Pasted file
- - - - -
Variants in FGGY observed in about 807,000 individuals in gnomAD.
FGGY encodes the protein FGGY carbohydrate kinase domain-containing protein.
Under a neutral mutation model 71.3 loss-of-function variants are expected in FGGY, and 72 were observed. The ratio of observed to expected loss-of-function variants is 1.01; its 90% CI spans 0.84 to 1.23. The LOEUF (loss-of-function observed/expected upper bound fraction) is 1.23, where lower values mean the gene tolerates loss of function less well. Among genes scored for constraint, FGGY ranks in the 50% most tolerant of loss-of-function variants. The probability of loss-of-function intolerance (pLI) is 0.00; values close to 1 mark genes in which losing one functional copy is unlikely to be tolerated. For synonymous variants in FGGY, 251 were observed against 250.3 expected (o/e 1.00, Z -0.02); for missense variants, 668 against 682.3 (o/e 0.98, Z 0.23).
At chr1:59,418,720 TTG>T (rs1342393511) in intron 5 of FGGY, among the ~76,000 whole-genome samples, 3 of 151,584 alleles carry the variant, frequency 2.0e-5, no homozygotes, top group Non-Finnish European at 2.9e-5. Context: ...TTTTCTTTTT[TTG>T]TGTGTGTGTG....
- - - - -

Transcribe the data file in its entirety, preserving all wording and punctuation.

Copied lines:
Variants in FGGY observed in about 807,000 individuals in gnomAD.
FGGY encodes the protein FGGY carbohydrate kinase domain-containing protein.
Under a neutral mutation model 71.3 loss-of-function variants are expected in FGGY, and 72 were observed. The ratio of observed to expected loss-of-function variants is 1.01; its 90% CI spans 0.84 to 1.23. The LOEUF (loss-of-function observed/expected upper bound fraction) is 1.23, where lower values mean the gene tolerates loss of function less well. Among genes scored for constraint, FGGY ranks in the 50% most tolerant of loss-of-function variants. The probability of loss-of-function intolerance (pLI) is 0.00; values close to 1 mark genes in which losing one functional copy is unlikely to be tolerated. For synonymous variants in FGGY, 251 were observed against 250.3 expected (o/e 1.00, Z -0.02); for missense variants, 668 against 682.3 (o/e 0.98, Z 0.23).
At chr1:59,418,720 TTG>T (rs1342393511) in intron 5 of FGGY, among the ~76,000 whole-genome samples, 3 of 151,584 alleles carry the variant, frequency 2.0e-5, no homozygotes, top group Non-Finnish European at 2.9e-5. Context: ...TTTTCTTTTT[TTG>T]TGTGTGTGTG....